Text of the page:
translate eqs prototypes to NLP format
with placeholders for vars and consts;
loop over element:
create vars per element according
to the discipline description;
place them into the graph as sequentially
numbered ids (;
loop over element:
create eqs per element according to
the discipline description;
substitute actual vars and consts
to the placeholders;
output the eqs.
Since the main part of the algorithm is a straightfor-
ward substitution (stamping), it requires O(N + E)
operations, where N and E are the numbers of nodes
and edges in the network graph, respectively.
In the field of applied optimization the problems are
often subdivided into two parts: simulation and opti-
mization. Simulation solves the part of the problem
defined by equations f (x, y) = 0 with respect to some
part of the variables y, while the remaining variables
x are considered as constant parameters. Then opti-
mization is applied to the objective function h(x, y),
with respect to the variables x, while y is permanently
updated for the given x using the simulation. Algo-
rithmically this can be expressed as follows.
Algorithm 2: Optimization on top of the simulation.
define y(x):
solve f(x,y) w.r.t. y;
return y;
optimize h(x,y(x)) w.r.t. x.
An alternative is to use NLP algorithms which solve
the optimization and simulation parts simultaneously.
Algorithm 3: NLP.
optimize h(x,y) w.r.t. (x,y) s.t. f(x,y)=0.
The first variant is often used if the simulation and/or
the optimization are considered as blackbox algo-
rithms, e.g., if simulation y(x) is encapsulated in a
proprietary software tool. In this case one is re-
duced to applying the first algorithm indeed. The
second variant composes a unified system of equa-
tions f (x, y) = 0 and optimality conditions for h(x, y),
which are solved simultaneously by means of super-
convergent methods (usually a stabilized Newton’s
method). The first algorithm finds, for every value
of x, an exact solution of the system f (x, y) = 0. This
is completely superfluous for intermediate optimiza-
tion steps when x is only an approximation to the
optimum. For the second algorithm the precision of
the solution for the equations and the precision of the
optimality conditions are improved simultaneously in
the solution process, so that a precise solution of the
simulation problem is obtained only at the last step,
being also the optimal one. For the first algorithm
the required computational effort can be estimated as
O(Nsim Nopt), where Nsim is the number of itera-
tions per simulation and Nopt is the number of op-
timization steps. The second algorithm solves a uni-
fied system, which is almost entirely composed of the
equations from the simulation part, so that the over-
head related to the optimality conditions is usually
small and the overall effort becomes O(Nsim). Thus,
NLP algorithms definitely win in performance and,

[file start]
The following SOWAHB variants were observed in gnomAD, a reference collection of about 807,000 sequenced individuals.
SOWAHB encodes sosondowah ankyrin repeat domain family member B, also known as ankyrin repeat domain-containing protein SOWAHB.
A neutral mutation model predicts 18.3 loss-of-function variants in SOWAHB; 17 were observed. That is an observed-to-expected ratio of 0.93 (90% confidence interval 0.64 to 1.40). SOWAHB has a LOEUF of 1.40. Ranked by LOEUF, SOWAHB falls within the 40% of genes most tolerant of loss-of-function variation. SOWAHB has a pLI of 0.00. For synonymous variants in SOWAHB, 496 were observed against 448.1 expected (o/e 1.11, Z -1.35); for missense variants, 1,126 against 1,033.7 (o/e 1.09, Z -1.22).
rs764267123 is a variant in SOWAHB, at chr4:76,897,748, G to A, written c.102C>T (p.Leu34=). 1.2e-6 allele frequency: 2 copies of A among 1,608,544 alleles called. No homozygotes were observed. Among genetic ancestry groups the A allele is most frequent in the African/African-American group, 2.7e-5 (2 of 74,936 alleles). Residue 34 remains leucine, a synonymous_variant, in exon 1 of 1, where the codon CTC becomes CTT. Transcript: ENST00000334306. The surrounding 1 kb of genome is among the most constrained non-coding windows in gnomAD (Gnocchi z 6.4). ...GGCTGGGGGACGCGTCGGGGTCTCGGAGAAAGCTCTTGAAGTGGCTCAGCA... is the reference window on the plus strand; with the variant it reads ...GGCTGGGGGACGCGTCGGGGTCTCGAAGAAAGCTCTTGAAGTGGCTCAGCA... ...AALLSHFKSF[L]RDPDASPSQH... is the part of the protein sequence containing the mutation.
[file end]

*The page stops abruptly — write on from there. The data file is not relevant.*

therefore, they are our preferred choice.
The possibility to represent gas network simu-
lations in NLP form has been earlier discussed in
(Schmidt et al., 2015a), where the mathematical mod-
eling of gas transport networks has been considered in
great detail. However, the implementation (Schmidt
et al., 2015b) used the simplest possible NLP ver-
sion, a penalty method, taking a cumulative norm of
the residuals of the physical equations as single ob-
jective function. This approach admits a violation of
the physical constraints (gas laws, etc). Although the
global minimum of this objective coincides with the
solution for feasible problems, there is danger that the
solution process gets stuck in a local minimum and
the physical solution will be lost. Also, one cannot
simply add a real objective there, like the total power
of all compressors in energy optimization, since the
improvement of the objective would be achieved at
the cost of the violation of the physical equations.
Fortunately, this is easy to correct and in our imple-
mentation all physical equations are set as equality
SIMULTECH 2016 - 6th International Conference on Simulation and Modeling Methodologies, Technologies and Applications
constraints f (x) = 0 and, at solutions, are satisfied ex-
For solving NLPs many efficient algorithms have
been developed (Bazaraa and Shetty, 1979; Bertsekas,
1999; Avriel, 2003; Fletcher, 2013), e.g., those imple-
mented in the optimization package Ipopt (W
and Biegler, 2006):
an interior-point algorithm (also known as primal-
dual barrier method) for the solution of generic
NLPs with equations and inequalities;
a line-search filter with second order corrections,
serving as a stabilizer for Newton’s method;
an inertia correction method, driving the iterations
towards a critical point of the desired type (e.g.,
minimum, not maximum, not saddle point);
a feasibility restoration method, applying an
emergency restart in the case that the convergence
becomes too slow;
an automatic initialization, appropriate problem
scaling, interfaces to many sparse linear solvers,
Our approach, using the translation of network
problems to the standard NLP format, also allows to
employ for their solution any other package, such as
Snopt (Gill et al., 2005), Minos (Murtagh and Saun-
ders, 1978), Knitro (Nocedal and Wright, 2006), etc.
For the solution of mixed integer NLPs one can use
Couenne (Belotti et al., 2013), while multiobjective
optimization can be done with the approaches de-
scribed in (Clees et al., 2015).
The backbone of the system is formed by linear
Kirchhoff equations and non-linear element equa-